Has inflationary pressure started impeding UK economic rebound?

Summary

  • The IHS Markit economic survey reported a preliminary June reading of 61.7, falling slightly from May’s reading of 62.9.
  • The marginal drop in data indicated that the UK’s frenzied economic growth rate might have peaked due to labour shortages and supply chain constraints, thus increasing inflationary pressures.
  • The Bank of England’s monetary policy decision set to be announced on 24 June

The UK’s private sector economic activity survey, the IHS Markit flash UK Services Business Activity registered a preliminary reading of 61.7 in June, it is among one of the highest growth rates since the economic survey started in 1998. It had previously touched a high of 62.9 in May.

The IHS Markit and CIPS UK Manufacturing Purchasing Managers’ Index (PMI) registered a reading of 64.2 in June, compared to 65.6.

What caused the PMI to fall slightly?

However, the June reading indicates that while businesses are trading at high levels following the easing of restrictions, constraints such as staff shortages and challenges in the supply chain have begun to put inflationary pressure on growth.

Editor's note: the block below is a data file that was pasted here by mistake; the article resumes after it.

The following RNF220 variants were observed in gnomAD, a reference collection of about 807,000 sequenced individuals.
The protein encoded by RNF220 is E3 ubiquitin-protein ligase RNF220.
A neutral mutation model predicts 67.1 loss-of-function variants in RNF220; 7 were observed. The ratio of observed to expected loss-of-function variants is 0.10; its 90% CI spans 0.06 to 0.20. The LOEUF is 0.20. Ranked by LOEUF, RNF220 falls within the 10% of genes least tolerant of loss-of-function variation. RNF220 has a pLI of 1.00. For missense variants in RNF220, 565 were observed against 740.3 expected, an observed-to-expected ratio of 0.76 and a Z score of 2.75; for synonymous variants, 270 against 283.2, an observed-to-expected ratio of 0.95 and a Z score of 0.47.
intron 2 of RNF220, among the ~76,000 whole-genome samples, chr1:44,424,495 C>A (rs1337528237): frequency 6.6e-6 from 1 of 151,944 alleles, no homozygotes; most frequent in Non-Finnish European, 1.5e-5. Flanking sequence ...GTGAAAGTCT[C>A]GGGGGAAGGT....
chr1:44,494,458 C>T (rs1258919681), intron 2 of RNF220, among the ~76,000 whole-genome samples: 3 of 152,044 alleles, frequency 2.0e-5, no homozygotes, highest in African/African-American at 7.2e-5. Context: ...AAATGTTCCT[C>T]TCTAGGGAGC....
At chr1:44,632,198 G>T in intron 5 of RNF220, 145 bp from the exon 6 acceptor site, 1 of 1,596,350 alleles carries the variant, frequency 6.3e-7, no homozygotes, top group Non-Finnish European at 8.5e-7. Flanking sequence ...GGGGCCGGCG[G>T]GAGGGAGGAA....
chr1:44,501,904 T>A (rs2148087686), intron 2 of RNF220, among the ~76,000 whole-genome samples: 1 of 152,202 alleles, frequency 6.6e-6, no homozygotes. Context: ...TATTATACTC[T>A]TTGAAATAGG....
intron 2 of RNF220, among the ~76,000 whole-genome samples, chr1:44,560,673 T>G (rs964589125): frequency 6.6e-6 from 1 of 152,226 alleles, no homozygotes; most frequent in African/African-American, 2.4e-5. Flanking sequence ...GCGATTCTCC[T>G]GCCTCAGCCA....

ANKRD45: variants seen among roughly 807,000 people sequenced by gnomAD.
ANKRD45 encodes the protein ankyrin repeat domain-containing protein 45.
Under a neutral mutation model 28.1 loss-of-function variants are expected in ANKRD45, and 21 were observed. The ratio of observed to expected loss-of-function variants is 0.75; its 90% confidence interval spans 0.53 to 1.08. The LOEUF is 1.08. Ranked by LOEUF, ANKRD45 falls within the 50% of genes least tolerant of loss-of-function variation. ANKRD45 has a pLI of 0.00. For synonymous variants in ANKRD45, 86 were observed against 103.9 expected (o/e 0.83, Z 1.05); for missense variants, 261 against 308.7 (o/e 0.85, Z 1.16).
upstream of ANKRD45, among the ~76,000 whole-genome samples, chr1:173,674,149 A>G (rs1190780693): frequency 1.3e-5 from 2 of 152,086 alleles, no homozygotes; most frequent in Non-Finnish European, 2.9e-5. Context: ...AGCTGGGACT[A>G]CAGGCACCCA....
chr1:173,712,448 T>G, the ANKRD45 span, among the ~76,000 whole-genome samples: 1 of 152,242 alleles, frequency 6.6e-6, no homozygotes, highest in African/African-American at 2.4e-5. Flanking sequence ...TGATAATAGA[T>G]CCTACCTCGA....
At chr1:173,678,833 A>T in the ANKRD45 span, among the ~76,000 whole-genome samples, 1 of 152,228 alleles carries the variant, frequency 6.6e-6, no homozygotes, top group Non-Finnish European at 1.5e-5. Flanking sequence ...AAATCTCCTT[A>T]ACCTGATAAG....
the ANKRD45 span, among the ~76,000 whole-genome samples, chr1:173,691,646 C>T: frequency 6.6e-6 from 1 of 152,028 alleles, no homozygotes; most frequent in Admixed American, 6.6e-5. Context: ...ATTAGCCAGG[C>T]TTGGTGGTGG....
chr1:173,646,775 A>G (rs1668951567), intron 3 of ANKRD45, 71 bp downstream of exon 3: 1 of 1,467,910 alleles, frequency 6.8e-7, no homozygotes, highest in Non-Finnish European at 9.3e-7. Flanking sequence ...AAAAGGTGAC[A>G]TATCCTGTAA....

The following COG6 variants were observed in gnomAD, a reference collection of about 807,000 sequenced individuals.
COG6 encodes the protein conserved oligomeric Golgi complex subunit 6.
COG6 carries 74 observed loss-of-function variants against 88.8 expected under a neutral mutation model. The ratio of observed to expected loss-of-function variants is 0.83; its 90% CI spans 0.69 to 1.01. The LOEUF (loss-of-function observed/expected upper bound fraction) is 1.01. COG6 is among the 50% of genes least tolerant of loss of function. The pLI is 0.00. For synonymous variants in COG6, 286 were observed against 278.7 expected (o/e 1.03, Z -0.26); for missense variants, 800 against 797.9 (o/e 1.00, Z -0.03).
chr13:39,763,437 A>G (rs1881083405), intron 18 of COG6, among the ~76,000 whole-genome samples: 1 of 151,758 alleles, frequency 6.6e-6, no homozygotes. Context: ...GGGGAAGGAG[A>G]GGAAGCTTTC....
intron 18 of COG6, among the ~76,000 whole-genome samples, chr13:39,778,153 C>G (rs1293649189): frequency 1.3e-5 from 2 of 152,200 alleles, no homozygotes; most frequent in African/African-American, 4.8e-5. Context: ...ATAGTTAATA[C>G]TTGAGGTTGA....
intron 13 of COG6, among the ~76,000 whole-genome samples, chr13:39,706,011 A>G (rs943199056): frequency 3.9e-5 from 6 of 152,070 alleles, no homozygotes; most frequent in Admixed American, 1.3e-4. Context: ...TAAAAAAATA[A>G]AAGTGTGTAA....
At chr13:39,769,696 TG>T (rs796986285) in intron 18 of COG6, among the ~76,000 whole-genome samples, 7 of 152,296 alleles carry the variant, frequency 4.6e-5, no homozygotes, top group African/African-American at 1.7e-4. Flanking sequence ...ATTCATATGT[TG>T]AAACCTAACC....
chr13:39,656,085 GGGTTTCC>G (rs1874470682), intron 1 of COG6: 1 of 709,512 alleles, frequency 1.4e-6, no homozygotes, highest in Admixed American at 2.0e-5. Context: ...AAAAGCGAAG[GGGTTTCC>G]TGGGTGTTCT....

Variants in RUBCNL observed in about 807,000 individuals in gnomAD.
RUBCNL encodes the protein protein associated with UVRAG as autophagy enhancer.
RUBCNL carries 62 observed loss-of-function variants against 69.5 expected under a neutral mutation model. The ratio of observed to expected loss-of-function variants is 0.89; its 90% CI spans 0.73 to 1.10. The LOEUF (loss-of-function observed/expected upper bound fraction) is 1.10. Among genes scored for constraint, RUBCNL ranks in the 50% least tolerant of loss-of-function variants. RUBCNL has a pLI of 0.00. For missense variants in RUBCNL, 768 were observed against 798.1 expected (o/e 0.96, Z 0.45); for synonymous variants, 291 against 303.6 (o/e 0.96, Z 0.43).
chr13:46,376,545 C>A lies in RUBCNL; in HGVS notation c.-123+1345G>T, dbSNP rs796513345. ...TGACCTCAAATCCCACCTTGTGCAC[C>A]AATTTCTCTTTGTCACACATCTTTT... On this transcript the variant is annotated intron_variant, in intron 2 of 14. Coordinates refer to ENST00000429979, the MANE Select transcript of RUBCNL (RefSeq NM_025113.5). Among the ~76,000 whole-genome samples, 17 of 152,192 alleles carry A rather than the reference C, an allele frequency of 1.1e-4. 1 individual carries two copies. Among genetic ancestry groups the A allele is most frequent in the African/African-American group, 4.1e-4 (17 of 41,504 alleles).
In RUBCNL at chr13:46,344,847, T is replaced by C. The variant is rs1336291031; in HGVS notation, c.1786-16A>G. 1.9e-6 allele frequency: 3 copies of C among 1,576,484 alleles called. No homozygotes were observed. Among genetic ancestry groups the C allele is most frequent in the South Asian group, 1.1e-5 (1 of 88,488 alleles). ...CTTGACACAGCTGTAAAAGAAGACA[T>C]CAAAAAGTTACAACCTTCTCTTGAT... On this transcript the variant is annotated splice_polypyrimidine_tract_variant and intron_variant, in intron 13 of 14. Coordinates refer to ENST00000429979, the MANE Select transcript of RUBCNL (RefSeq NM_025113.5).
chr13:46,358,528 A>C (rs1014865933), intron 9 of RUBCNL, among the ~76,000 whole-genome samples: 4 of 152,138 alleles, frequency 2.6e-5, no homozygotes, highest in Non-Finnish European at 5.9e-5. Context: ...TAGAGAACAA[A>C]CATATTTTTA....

The PMI for the manufacturing sector is reported between 0 to 100, with any figure above 50 indicating growth.

Non-essential retail and outdoor dining had reopened in mid-April, while in-door dining in the hospitality sector resumed operations in mid-May, as part of the UK’s lockdown phaseout roadmap.

However, the final lockdown easement was pushed back by the UK PM from 21 June to 19 July amid rising cases of the delta variant of the coronavirus.

Also Read: UK Manufacturing PMI Displays A Record Surge in May

Possible peak in growth rate

The unprecedented growth in the private sector had led to a boom in employment, with the UK reporting the highest level of employment.

However, according to IHS Markit’s chief business economist, Chris Williamson, there were some signs signalling growth in the UK economy that may have peaked following the initial boom due to a lack in capacity to meet the surge in staff requirements and supply chain constraints.

Williamson added, there was increasing evidence of staff shortages causing wage costs to rise, thus adding to concerns that the recent uptick in inflation could prove to be stickier than previously anticipated.

He also added that while both output and new order growth slowed slightly from the record highs reported in May’s data, full order books seen by businesses and a further easing of pandemic related restrictions signalled that the economy’s expansion rate would remain strong through the summer months.

The UK’s headline inflation rate in May rose above the central bank’s target of 2 per cent, coming in at 2.1 per cent. The inflation data thus hit a two-year high.

Monetary policy stance

The PMI data comes ahead of the UK central bank, the Bank of England (BoE) interest rate setting decision slated to be announced on 24 June. However, the BoE is not expected to change its monetary policy stance, having previously called the spike in inflation transient in nature.

Also Read: What is PMI and why is it important?


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